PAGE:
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How Effective is Redistribution Under the Social Security Benefit Formula?

Author

Listed:
  • Alan L. Gustman

    (Dartmouth College and NBER)

  • Thomas L. Steinmeier

    (Texas Tech University)

Abstract

This paper uses earnings histories from the Social Security Administration, linked to the survey responses for participants in the Health and Retirement Study, to investigate redistribution under the current social security benefit formula. As advertised, own benefits are significantly redistributed from individuals with high to those with low lifetime earnings. However, redistribution is roughly halved when spouse and survivor benefits are taken into account and redistribution is measured among families. When families are arrayed by total earnings during years when both spouses are engaged in substantial work, there is very little redistribution from families with high to low earnings capacity.

Suggested Citation

  • Alan L. Gustman & Thomas L. Steinmeier, 2000. "How Effective is Redistribution Under the Social Security Benefit Formula?," Working Papers wp005, University of Michigan, Michigan Retirement Research Center.
  • Handle: RePEc:mrr:papers:wp005
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    References listed on IDEAS

    as
    1. Jeffrey B. Liebman, 2002. "Redistribution in the Current U.S. Social Security System," NBER Chapters, in: The Distributional Aspects of Social Security and Social Security Reform, pages 11-48, National Bureau of Economic Research, Inc.
    2. Julia Lynn Coronado & Don Fullerton & Thomas Glass, 2002. "Long-Run Effects of Social Security Reform Proposals on Lifetime Progressivity," NBER Chapters, in: The Distributional Aspects of Social Security and Social Security Reform, pages 149-206, National Bureau of Economic Research, Inc.
    3. Coronado Julia Lynn & Fullerton Don & Glass Thomas, 2011. "The Progressivity of Social Security," The B.E. Journal of Economic Analysis & Policy, De Gruyter, vol. 11(1), pages 1-45, November.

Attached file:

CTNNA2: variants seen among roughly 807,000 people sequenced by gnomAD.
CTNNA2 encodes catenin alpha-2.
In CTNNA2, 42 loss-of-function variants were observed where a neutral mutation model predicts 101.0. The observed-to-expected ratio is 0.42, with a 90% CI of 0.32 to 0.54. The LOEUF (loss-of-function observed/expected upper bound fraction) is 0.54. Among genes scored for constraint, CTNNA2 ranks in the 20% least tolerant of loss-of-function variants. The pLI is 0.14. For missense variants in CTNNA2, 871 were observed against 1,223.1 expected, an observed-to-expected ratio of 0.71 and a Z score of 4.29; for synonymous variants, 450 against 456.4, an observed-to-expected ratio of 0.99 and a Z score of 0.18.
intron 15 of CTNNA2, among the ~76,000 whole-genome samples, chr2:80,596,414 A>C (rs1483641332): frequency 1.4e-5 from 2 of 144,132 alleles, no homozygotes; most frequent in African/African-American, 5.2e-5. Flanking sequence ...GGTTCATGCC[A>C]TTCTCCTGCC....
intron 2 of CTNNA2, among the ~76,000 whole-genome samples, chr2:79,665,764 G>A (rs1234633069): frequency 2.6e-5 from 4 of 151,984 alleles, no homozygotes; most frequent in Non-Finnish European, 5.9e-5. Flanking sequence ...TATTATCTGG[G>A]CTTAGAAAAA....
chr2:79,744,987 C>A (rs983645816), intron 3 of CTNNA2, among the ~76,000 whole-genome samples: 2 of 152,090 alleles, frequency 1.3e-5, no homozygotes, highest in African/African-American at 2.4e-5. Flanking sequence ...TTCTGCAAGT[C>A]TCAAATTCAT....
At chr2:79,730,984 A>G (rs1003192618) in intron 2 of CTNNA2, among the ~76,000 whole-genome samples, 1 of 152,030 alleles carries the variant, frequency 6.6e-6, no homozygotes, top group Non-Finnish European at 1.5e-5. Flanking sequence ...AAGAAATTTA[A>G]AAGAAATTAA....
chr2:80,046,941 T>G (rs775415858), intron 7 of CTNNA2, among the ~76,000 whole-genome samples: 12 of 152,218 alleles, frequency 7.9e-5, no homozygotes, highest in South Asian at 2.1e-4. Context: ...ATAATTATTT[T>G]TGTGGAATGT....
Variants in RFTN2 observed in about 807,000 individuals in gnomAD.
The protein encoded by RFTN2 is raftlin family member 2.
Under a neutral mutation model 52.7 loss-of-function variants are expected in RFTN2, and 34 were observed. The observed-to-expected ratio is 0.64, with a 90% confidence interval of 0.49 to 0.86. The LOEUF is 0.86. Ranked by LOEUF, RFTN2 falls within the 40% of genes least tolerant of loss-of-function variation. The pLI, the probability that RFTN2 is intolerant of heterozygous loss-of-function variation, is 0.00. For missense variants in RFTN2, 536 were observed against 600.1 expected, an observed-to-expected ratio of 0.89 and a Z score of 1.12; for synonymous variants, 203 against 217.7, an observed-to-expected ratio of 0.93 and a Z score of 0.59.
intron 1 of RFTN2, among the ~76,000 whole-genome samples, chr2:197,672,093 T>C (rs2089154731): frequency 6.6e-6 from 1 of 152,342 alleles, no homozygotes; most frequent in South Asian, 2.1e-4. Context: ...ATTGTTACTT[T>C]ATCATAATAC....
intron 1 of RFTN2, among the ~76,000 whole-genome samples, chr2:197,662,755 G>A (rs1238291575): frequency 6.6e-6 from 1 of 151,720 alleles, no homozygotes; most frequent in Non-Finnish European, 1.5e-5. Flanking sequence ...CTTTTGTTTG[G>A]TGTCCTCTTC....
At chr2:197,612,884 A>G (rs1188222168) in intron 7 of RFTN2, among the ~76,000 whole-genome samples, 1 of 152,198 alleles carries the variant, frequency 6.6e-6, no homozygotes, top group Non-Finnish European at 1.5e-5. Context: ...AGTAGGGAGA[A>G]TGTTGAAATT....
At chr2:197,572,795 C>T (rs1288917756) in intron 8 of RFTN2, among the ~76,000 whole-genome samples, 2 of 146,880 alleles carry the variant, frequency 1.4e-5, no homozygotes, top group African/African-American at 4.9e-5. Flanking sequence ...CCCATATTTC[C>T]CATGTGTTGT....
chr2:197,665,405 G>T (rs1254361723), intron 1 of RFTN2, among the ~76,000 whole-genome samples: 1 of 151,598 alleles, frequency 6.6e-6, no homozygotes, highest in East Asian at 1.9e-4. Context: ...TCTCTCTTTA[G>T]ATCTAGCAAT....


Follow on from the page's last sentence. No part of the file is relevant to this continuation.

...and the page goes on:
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    5. Boskin, Michael J. & Kotlikoff, Lawrence J. & Puffert, Douglas J. & Shoven, John B., 1986. "Social Security: A Financial Appraisal Across and Within Generations," CEPR Publications 244432, Stanford University, Center for Economic Policy Research.
    6. Anderson, Patricia M & Gustman, Alan L & Steinmeier, Thomas L, 1999. "Trends in Male Labor Force Participation and Retirement: Some Evidence on the Role of Pensions and Social Security in the 1970s and 1980s," Journal of Labor Economics, University of Chicago Press, vol. 17(4), pages 757-783, October.
    7. Feldstein, Martin & Liebman, Jeffrey B., 2002. "Social security," Handbook of Public Economics, in: A. J. Auerbach & M. Feldstein (ed.), Handbook of Public Economics, edition 1, volume 4, chapter 32, pages 2245-2324, Elsevier.
    8. Julia Lynn Coronado & Don Fullerton & Thomas Glass, 1999. "Distributional Impacts of Proposed Changes to the Social Security System," NBER Chapters, in: Tax Policy and the Economy, Volume 13, pages 149-186, National Bureau of Economic Research, Inc.
    9. Smith, James P, 1979. "The Distribution of Family Earnings," Journal of Political Economy, University of Chicago Press, vol. 87(5), pages 163-192, October.
    10. Alan L. Gustman & Olivia S. Mitchell & Andrew A. Samwick & Thomas L. Steinmeier, "undated". "Pension and Social Security Wealth in the Health and Retirement Study," Pension Research Council Working Papers 97-3, Wharton School Pension Research Council, University of Pennsylvania.
    11. Harriet Duleep, 1989. "Measuring socioeconomic mortality differentials over time," Demography, Springer;Population Association of America (PAA), vol. 26(2), pages 345-351, May.
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    More about this item

    JEL classification:

    • H55 - Public Economics - - National Government Expenditures and Related Policies - - - Social Security and Public Pensions
    • J14 - Labor and Demographic Economics - - Demographic Economics - - - Economics of the Elderly; Economics of the Handicapped; Non-Labor Market Discrimination

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